and

SESSION TIME: Wednesday, August, 24, 2016, 6:00 PM – 8:00 PM
ROOM & LOCATION:
Hall D – Pennsylvania Convention Center

Poster Title: The EPA Online Prediction Physicochemical Prediction Platform to Support Environmental Scientists

As part of our efforts to develop a public platform to provide access to predictive models we have attempted to disentangle the influence of the quality versus quantity of data available to develop and validate QSAR models.  Using a thorough manual review of the data underlying the well-known EPI Suite software, we developed automated processes for the validation of the data using a KNIME workflow. This includes: approaches to validate different chemical structure representations (e.g. molfile and SMILES), identifiers (chemical names and registry numbers), and methods to standardize the data into QSAR-consumable formats for modeling. Our efforts to quantify and segregate data into various quality categories has allowed us to thoroughly investigate the resulting models developed from these data slices, as well as allowing us to examine whether or not efforts into the development of large high-quality datasets has the expected pay-off in terms of prediction performance. Machine-learning approaches have been applied to create a series of models that have been used to generate predicted physicochemical and environmental parameters for over 700,000 chemicals. These data are available online via the EPA’s iCSS Chemistry Dashboard. This abstract does not reflect U.S. EPA policy.

 

Investigating Impact Metrics for Performance for the US-EPA National Center for Computational Toxicology

This presentation was presented at the American Chemical Society in Philadelphia in August 2016

DAY & TIME OF PRESENTATION: Sunday, August, 21, 2016 from 4:10 PM – 4:30 PM
ROOM & LOCATION: Room 112B – Pennsylvania Convention Center

Title: Investigating Impact Metrics for Performance for the US-EPA National Center for Computational Toxicology

The U.S. Environmental Protection Agency (EPA) Computational Toxicology Program integrates advances in biology, chemistry, and computer science to help prioritize chemicals for further research based on potential human health risks. This work involves computational and data driven approaches that integrate chemistry, exposure and biological data. We have delivered public access to terabytes of open data, as well to a large number of publicly accessible databases and applications, to support the research efforts for a large community of scientists. Many of our contributions to science are summarily described in research papers but  to date we have not optimized our contributions to  inform altmetrics statistics associated with our work. Critically missing from altmetrics is access to our numerous software applications and web service accesses, as well as the growing importance of our experimental data and models (e.g ToxCast, ExpoCast, DSSTox and others) to the scientific and regulatory communities.  This presentation will provide an overview of our efforts to more fully understand, and quantify, our impact on the environmental sciences using a combination of our measurement approaches and available altmetrics tools. This abstract does not reflect U.S. EPA policy.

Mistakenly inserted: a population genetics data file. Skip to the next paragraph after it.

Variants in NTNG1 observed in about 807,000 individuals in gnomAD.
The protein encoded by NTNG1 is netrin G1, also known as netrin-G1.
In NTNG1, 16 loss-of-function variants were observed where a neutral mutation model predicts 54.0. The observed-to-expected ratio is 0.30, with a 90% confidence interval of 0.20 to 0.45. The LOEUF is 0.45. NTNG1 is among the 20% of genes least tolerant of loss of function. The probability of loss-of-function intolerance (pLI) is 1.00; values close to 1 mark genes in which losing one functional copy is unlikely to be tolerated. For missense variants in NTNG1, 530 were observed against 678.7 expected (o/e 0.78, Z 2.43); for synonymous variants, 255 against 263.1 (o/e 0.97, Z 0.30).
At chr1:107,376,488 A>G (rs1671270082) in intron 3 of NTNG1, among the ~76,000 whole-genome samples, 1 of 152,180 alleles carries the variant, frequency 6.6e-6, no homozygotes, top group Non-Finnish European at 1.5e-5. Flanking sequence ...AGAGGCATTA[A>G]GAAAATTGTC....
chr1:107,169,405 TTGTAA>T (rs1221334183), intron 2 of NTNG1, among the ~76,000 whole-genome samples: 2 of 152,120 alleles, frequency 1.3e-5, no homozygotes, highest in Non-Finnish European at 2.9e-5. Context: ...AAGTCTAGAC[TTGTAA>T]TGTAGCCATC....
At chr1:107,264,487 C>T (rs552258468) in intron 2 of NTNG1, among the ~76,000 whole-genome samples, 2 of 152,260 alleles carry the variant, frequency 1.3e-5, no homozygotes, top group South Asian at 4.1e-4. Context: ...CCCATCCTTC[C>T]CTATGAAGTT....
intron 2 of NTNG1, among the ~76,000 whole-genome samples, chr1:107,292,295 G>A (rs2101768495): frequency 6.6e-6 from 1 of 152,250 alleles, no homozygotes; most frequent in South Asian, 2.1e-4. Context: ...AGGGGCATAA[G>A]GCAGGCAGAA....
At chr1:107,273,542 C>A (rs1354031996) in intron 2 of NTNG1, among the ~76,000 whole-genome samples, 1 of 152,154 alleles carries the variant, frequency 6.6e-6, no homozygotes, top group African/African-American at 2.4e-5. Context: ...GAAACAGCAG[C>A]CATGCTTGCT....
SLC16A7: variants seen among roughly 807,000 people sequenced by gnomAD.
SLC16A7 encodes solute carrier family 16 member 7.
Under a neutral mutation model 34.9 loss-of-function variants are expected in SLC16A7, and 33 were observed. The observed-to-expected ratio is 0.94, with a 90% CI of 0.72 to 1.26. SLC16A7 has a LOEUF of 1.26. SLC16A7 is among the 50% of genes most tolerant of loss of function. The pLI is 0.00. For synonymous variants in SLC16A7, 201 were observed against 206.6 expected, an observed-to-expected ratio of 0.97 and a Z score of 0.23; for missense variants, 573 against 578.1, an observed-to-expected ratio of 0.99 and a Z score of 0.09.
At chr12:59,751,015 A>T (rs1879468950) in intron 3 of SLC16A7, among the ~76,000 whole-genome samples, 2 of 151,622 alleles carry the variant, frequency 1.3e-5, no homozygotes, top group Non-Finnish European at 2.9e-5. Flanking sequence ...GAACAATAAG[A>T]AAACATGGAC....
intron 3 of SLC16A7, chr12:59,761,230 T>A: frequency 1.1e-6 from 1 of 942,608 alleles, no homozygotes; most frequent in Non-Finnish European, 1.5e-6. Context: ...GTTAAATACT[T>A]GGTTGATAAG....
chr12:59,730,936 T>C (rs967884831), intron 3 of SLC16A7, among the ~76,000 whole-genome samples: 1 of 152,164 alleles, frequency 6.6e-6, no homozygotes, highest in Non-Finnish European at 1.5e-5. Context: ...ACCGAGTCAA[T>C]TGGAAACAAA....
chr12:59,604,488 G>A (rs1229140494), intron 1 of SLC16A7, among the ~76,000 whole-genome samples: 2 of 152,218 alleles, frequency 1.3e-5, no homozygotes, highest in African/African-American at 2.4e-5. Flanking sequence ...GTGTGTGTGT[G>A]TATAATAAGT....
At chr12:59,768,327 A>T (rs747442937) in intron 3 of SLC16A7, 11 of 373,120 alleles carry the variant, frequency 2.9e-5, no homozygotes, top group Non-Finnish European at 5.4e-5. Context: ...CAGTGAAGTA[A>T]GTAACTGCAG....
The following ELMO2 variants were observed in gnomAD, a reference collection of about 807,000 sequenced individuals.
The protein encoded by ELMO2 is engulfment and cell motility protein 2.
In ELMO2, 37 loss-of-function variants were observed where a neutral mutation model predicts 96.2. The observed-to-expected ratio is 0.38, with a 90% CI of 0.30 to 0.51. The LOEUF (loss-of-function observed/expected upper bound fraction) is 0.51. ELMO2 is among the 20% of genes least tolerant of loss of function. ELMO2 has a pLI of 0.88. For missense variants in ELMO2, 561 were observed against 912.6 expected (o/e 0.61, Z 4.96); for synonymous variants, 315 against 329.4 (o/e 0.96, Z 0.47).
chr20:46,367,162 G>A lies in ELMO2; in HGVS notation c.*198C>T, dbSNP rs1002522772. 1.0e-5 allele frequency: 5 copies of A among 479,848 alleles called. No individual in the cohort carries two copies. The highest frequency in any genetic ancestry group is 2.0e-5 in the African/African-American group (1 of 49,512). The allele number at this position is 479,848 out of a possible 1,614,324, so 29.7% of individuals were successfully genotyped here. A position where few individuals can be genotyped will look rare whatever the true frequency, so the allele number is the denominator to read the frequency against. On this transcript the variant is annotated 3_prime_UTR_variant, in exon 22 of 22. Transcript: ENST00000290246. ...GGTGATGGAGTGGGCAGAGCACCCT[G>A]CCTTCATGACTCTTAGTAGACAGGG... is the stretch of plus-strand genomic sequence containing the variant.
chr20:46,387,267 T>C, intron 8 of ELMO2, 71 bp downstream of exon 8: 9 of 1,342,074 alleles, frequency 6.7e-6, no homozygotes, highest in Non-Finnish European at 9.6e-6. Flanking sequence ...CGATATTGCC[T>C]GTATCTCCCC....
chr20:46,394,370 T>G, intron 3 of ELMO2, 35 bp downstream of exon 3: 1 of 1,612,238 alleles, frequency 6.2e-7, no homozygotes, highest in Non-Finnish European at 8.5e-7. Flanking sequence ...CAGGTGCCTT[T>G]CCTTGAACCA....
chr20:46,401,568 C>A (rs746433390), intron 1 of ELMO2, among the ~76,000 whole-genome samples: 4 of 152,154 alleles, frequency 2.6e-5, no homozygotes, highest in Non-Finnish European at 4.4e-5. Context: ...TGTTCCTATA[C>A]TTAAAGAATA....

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Structure Identification Using High Resolution Mass Spectrometry Data and the EPA’s Chemistry Dashboard

This presentation was presented at the American Chemical Society in Philadelphia in August 2016

DAY & TIME OF PRESENTATION: Sunday, August, 21, 2016 from 1:10 PM – 1:35 PM
ROOM & LOCATION: Room 105A – Pennsylvania Convention Center

Title: Structure Identification Using High Resolution Mass Spectrometry Data and the EPA’s Chemistry Dashboard

The iCSS Chemistry Dashboard is a publicly accessible dashboard provided by the National Center for Computation Toxicology at the US-EPA. It serves a number of purposes, including providing a chemistry database underpinning many of our public-facing projects (e.g. ToxCast and ExpoCast). The available data and searches provide a valuable path to structure identification using mass spectrometry as the source data. With an underlying database of over 720,000 chemicals, the dashboard has already been used to assist in identifying chemicals present in house dust. However, it can also be applied to many other purposes, e.g., the identification of agrochemicals in waste streams. This presentation will provide a review of the EPA’s platform and underlying algorithms used for the purpose of compound identification using high-resolution mass spectrometry data. We will also discuss progress towards a high-throughput non-targeted analysis platform for use by the mass spectrometry community.  This abstract does not reflect U.S. EPA policy.

 

 

Presentations and Posters at #ACSPhiladelphia August 2016

I will be delivering five presentations and a poster (twice) at the ACS Meeting in Philadelphia this week. These presentations will introduce the latest version of our CompTox Dashboard, renamed from the iCSS Chemistry Dashboard because now we are offering way more than just a large set of chemical structures! I look forward to introducing attendees to the latest and greatest.

DAY & TIME OF PRESENTATION: Sunday, August, 21, 2016 from 1:10 PM – 1:35 PM
ROOM & LOCATION: Room 105A – Pennsylvania Convention Center

Title: Structure Identification Using High Resolution Mass Spectrometry Data and the EPA’s Chemistry Dashboard